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Nine Ways To Be Prepared Against Always Changing Tax Laws

Nine Ways To Be Prepared Against Always Changing Tax Laws

Tax laws

Tax lawsClients ask about how they can be prepared against always changing tax laws. One of the certainties of modern taxation is constant, unending change. Perusing the Congressional Budget Office’s (CBO) “Reducing the Deficit: Spending and Revenue Options”, convinces any thoughtful person that changing tax laws are inevitable. Preparing for new tax laws while considering how to incorporate recent changes into a tax practice, is part of preparing for the next tax season. Consider these changes and trends:

1. High income earners, rising brackets and capital gains.

Single taxpayers earning $400,000 or married couples earning at least $450,000 rise to a higher tax bracket this year. Previously taxed at 35 percent, 2013 tax rates climb to 39.6 percent (+4.6 percent). Note that CBO Option 1 is “Increase Individual Income Tax Rates” from 2012-2021. If enacted, raising all tax rates by one percent would raise U.S. tax revenues by $480.4 bn through 2021. CBO recommends continuing, concurrent rises in capital gains rates. A client discussion about booking capital gains is timely.

2. VAT possibility.

CBO Option 27 explores the possibility of adding a five percent value added tax. A ‘narrow base’ would raise 1.390 bn in U.S. tax revenues through 2021. A ‘broad base’ VAT accessed would raise about 2.5 bn through 2021. About 140 countries around the world assess VAT for goods and services purchased.

3. Institutional fees.

Option 33, “Impose a Fee on Large Financial Institutions,” studies the financial impact of supporting institutions “too large to fail” and the Troubled Asset Relief Program. Assessing institutional fees would raise 70.9 bn in tax revenues through 2021 and would theoretically create reserve funds for the largest institutions in the event of a future financial meltdown.

4. Tax greenhouse gas emissions.

Option 35 proposes taxing the U.S. carbon footprint. Taxing emissions would increase the costs of some goods and services. If voted into law, the proposal estimates $1,178.9 bn in tax revenues would be raised through 2021.

5. Tax income of U.S. Corporations as earned.

Option 25 explores the double taxation imposed on multinational operations of some U.S. corporations. Corporate earnings outside of the U.S. would be taxed according to the laws of the country in which the income is generated. Changing the complex tax laws relating to repatriation of some corporate income would also generate a projected $114.2 bn in tax revenues through 2021.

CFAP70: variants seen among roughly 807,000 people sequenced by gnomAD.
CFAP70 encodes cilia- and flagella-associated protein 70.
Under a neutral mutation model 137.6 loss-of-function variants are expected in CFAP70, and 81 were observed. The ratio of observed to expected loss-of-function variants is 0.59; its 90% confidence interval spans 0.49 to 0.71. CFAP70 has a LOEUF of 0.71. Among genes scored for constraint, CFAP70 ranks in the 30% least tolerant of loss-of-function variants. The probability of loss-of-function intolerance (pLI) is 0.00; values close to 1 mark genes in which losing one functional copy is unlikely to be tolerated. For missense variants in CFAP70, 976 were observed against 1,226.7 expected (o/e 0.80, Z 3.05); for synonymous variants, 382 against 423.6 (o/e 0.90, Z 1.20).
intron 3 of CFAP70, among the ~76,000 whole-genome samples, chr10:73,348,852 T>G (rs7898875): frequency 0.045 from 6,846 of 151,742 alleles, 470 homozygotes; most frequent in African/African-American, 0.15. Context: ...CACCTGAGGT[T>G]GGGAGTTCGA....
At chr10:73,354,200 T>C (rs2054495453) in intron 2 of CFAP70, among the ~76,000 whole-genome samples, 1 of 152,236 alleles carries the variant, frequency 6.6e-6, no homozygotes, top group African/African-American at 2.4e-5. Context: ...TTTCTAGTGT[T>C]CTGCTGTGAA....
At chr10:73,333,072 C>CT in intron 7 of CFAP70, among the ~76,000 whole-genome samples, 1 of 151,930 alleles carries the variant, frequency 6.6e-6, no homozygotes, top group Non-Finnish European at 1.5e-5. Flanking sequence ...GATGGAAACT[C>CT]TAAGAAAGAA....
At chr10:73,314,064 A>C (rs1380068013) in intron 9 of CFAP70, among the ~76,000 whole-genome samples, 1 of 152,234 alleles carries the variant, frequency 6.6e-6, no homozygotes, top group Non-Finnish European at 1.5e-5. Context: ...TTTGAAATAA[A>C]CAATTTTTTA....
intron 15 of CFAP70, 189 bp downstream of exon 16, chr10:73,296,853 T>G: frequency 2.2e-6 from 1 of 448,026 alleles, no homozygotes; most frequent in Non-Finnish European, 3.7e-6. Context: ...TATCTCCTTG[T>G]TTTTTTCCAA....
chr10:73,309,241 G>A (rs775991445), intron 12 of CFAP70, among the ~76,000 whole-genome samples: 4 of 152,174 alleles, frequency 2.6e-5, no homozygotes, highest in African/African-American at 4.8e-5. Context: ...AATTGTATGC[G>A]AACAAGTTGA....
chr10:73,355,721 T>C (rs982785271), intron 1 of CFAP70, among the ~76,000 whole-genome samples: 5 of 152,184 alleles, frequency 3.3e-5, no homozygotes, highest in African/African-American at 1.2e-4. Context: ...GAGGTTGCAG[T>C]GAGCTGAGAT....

6. Eliminate tax preferences for some education expenses.

Option 15 recommends adjustment of existing tax-deferred education payment accounts, grants and loans, and certain tax preferences related to education. The proposal would generate $47.7 bn in tax revenues through 2021.

7. Child care credit.

Modifying or eliminating the child care credit would raise significant revenues if enacted. Full elimination of the child care credit would raise $116.7 in tax revenues through 2021. (In 2013, child care credit was reduced to $500 per child.)

8. Tax exclusion on interest income for state/local bonds.

Municipal bonds issued by state and local governments appeal to civic-minded investors because interest paid is currently excluded from the bondholder’s AGI. Option 17 projects $142.7 bn in tax revenues raised by 2021 if the proposal is enacted.

9. Foresight and education.

Everyone wants to know how to prepare for future tax changes and no one has a crystal ball to precisely predict which proposed tax law changes will occur in the future. The ClientWhys Tax Update Seminar puts the information needed for next tax season in hand today! Attendees spend two days interacting with “A-team” speakers (29 hours of CPE!) and receive the completely searchable “Big Book of Taxes” for daily use.

Author Bio:

Lee Reams II is the founder and CEO of ClientWhys, Inc. ClientWhys is a SAAS developer that delivers online marketing solutions to businesses built by word-of-mouth. Applications include websites for accountants, email newsletters, secure client portals and tax and financial web content.

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